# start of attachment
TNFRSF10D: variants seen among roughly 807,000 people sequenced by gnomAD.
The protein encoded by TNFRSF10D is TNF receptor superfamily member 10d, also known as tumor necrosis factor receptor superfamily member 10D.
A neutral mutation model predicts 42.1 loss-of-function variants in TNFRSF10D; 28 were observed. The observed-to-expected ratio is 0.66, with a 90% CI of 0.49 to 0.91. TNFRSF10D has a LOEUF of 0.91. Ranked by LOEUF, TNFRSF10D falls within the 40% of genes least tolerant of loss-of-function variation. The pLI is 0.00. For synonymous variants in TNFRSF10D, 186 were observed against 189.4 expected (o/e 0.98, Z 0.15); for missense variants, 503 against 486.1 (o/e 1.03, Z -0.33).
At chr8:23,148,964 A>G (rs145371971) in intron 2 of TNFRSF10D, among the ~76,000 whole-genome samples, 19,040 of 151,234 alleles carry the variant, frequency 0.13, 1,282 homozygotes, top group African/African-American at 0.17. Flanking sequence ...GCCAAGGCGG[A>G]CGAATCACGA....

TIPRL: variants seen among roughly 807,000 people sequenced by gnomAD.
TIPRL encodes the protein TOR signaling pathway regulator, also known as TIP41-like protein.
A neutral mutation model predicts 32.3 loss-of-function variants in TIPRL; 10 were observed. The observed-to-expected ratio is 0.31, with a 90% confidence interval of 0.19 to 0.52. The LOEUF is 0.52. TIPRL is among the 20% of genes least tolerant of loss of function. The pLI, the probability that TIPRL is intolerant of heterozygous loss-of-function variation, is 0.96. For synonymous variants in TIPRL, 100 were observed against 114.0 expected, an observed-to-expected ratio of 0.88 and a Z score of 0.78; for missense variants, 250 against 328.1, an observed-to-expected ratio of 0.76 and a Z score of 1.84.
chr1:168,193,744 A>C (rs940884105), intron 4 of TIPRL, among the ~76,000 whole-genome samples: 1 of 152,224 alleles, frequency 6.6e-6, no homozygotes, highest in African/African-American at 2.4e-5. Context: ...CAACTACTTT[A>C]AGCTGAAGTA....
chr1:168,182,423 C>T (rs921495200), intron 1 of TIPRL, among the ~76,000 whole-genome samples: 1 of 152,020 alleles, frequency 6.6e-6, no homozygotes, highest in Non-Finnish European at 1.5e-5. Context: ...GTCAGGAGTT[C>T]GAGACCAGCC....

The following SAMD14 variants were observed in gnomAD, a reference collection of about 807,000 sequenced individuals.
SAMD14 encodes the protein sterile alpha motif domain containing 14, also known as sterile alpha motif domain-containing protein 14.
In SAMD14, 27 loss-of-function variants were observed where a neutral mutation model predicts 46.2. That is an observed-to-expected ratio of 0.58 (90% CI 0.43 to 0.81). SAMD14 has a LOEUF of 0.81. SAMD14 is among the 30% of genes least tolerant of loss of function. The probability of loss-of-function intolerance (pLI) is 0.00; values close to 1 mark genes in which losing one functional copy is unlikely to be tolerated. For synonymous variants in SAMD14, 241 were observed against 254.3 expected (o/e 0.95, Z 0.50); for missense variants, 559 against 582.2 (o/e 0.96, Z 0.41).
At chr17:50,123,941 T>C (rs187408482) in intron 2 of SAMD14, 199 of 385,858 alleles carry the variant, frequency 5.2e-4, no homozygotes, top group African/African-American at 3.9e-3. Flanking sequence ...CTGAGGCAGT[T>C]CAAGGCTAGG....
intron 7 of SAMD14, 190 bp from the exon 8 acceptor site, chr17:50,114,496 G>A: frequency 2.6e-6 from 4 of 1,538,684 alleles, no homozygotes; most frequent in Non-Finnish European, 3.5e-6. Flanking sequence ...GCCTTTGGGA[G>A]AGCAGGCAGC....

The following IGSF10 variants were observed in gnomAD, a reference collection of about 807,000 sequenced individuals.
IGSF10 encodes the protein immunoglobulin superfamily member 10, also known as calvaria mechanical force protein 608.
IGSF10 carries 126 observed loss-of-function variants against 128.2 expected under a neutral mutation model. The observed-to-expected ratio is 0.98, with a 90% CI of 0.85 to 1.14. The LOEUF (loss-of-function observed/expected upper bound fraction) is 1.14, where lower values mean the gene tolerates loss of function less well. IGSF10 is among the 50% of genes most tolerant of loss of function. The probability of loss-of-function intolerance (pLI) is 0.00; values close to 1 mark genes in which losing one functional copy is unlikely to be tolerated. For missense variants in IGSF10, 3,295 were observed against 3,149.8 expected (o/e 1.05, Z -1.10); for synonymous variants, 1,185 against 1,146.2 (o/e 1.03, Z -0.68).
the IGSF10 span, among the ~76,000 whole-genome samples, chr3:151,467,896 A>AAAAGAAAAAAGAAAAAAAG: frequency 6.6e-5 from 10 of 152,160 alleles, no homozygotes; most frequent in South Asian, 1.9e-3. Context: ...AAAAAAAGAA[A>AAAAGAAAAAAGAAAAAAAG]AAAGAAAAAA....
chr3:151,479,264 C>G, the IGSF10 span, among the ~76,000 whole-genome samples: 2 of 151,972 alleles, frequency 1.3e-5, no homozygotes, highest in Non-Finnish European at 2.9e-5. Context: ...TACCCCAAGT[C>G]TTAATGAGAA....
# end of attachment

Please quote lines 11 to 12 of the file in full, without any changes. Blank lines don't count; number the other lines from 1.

SAMD14 encodes the protein sterile alpha motif domain containing 14, also known as sterile alpha motif domain-containing protein 14.
In SAMD14, 27 loss-of-function variants were observed where a neutral mutation model predicts 46.2. That is an observed-to-expected ratio of 0.58 (90% CI 0.43 to 0.81). SAMD14 has a LOEUF of 0.81. SAMD14 is among the 30% of genes least tolerant of loss of function. The probability of loss-of-function intolerance (pLI) is 0.00; values close to 1 mark genes in which losing one functional copy is unlikely to be tolerated. For synonymous variants in SAMD14, 241 were observed against 254.3 expected (o/e 0.95, Z 0.50); for missense variants, 559 against 582.2 (o/e 0.96, Z 0.41).